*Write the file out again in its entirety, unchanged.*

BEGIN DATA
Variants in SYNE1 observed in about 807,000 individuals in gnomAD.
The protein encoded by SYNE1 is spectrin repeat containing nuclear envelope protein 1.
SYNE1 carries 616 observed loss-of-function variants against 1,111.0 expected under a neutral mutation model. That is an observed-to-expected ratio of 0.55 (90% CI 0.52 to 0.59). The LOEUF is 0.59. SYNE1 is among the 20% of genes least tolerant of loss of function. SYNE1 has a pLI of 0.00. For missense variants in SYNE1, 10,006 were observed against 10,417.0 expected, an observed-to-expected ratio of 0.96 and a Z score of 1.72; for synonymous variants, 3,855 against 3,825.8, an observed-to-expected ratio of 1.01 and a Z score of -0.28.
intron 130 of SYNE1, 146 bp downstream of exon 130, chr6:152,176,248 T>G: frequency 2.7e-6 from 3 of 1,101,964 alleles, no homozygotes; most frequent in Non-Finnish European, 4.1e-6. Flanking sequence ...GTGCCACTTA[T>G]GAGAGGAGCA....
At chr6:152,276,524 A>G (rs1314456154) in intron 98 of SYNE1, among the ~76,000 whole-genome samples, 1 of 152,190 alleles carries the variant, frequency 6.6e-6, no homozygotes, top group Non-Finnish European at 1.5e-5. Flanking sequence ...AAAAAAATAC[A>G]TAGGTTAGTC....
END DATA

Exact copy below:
Variants in SYNE1 observed in about 807,000 individuals in gnomAD.
The protein encoded by SYNE1 is spectrin repeat containing nuclear envelope protein 1.
SYNE1 carries 616 observed loss-of-function variants against 1,111.0 expected under a neutral mutation model. That is an observed-to-expected ratio of 0.55 (90% CI 0.52 to 0.59). The LOEUF is 0.59. SYNE1 is among the 20% of genes least tolerant of loss of function. SYNE1 has a pLI of 0.00. For missense variants in SYNE1, 10,006 were observed against 10,417.0 expected, an observed-to-expected ratio of 0.96 and a Z score of 1.72; for synonymous variants, 3,855 against 3,825.8, an observed-to-expected ratio of 1.01 and a Z score of -0.28.
intron 130 of SYNE1, 146 bp downstream of exon 130, chr6:152,176,248 T>G: frequency 2.7e-6 from 3 of 1,101,964 alleles, no homozygotes; most frequent in Non-Finnish European, 4.1e-6. Flanking sequence ...GTGCCACTTA[T>G]GAGAGGAGCA....
At chr6:152,276,524 A>G (rs1314456154) in intron 98 of SYNE1, among the ~76,000 whole-genome samples, 1 of 152,190 alleles carries the variant, frequency 6.6e-6, no homozygotes, top group Non-Finnish European at 1.5e-5. Flanking sequence ...AAAAAAATAC[A>G]TAGGTTAGTC....